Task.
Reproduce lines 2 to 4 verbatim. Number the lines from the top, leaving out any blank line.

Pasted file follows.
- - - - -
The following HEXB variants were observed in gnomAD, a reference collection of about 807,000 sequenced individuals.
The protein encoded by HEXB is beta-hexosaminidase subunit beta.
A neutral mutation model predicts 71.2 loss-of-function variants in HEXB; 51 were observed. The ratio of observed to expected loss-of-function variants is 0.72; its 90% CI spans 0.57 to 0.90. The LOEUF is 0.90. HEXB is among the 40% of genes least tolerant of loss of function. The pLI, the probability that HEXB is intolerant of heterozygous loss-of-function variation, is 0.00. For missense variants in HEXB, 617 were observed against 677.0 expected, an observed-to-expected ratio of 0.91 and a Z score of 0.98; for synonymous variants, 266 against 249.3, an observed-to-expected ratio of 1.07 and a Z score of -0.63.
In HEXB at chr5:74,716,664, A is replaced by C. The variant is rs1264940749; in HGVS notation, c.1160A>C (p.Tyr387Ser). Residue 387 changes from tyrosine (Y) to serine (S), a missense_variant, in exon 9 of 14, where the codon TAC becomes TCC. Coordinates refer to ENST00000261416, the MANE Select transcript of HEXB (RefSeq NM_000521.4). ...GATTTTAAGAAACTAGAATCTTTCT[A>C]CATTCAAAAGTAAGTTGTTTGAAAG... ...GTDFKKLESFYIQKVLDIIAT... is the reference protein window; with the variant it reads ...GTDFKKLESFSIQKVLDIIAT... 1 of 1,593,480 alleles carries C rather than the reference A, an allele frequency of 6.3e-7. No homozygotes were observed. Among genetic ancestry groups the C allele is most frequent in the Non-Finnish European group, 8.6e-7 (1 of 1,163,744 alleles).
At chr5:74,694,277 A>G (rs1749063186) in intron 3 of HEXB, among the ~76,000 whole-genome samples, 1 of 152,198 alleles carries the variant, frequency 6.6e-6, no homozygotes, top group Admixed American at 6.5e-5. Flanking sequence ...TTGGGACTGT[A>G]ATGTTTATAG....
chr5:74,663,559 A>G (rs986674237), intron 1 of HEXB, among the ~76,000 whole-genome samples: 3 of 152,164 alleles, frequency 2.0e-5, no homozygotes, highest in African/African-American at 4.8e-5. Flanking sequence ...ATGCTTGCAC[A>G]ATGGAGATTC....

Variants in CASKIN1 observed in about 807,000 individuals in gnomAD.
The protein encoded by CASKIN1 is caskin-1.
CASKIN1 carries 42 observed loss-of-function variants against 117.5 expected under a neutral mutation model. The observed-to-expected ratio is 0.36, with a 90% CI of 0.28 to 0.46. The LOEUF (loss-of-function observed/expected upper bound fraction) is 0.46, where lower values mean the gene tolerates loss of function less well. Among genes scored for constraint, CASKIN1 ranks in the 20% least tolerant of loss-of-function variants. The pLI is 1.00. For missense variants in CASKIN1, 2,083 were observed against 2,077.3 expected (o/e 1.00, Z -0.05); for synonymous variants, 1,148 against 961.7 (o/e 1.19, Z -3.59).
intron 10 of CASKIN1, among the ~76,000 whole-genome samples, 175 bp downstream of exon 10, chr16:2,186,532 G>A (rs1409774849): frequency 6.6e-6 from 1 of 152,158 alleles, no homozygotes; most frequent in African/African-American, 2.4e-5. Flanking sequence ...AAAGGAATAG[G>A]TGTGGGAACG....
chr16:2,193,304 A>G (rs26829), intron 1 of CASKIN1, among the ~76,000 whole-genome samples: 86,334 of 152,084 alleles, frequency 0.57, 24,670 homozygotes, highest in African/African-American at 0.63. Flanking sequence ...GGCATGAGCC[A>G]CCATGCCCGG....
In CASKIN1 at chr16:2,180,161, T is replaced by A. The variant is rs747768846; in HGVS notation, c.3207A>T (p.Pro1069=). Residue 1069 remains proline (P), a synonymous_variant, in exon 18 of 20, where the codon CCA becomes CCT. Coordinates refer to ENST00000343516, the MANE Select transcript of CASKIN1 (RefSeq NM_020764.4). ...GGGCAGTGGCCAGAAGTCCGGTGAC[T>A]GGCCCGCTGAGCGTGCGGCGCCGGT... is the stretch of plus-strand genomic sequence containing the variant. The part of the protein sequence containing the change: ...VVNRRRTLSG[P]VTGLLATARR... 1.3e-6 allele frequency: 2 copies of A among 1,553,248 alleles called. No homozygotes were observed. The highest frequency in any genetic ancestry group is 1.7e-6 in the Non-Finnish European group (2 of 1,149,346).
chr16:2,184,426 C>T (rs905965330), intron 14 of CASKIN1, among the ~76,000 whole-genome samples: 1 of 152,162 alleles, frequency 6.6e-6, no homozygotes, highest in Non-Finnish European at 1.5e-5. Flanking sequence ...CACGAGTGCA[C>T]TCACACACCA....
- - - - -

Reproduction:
The protein encoded by HEXB is beta-hexosaminidase subunit beta.
A neutral mutation model predicts 71.2 loss-of-function variants in HEXB; 51 were observed. The ratio of observed to expected loss-of-function variants is 0.72; its 90% CI spans 0.57 to 0.90. The LOEUF is 0.90. HEXB is among the 40% of genes least tolerant of loss of function. The pLI, the probability that HEXB is intolerant of heterozygous loss-of-function variation, is 0.00. For missense variants in HEXB, 617 were observed against 677.0 expected, an observed-to-expected ratio of 0.91 and a Z score of 0.98; for synonymous variants, 266 against 249.3, an observed-to-expected ratio of 1.07 and a Z score of -0.63.
In HEXB at chr5:74,716,664, A is replaced by C. The variant is rs1264940749; in HGVS notation, c.1160A>C (p.Tyr387Ser). Residue 387 changes from tyrosine (Y) to serine (S), a missense_variant, in exon 9 of 14, where the codon TAC becomes TCC. Coordinates refer to ENST00000261416, the MANE Select transcript of HEXB (RefSeq NM_000521.4). ...GATTTTAAGAAACTAGAATCTTTCT[A>C]CATTCAAAAGTAAGTTGTTTGAAAG... ...GTDFKKLESFYIQKVLDIIAT... is the reference protein window; with the variant it reads ...GTDFKKLESFSIQKVLDIIAT... 1 of 1,593,480 alleles carries C rather than the reference A, an allele frequency of 6.3e-7. No homozygotes were observed. Among genetic ancestry groups the C allele is most frequent in the Non-Finnish European group, 8.6e-7 (1 of 1,163,744 alleles).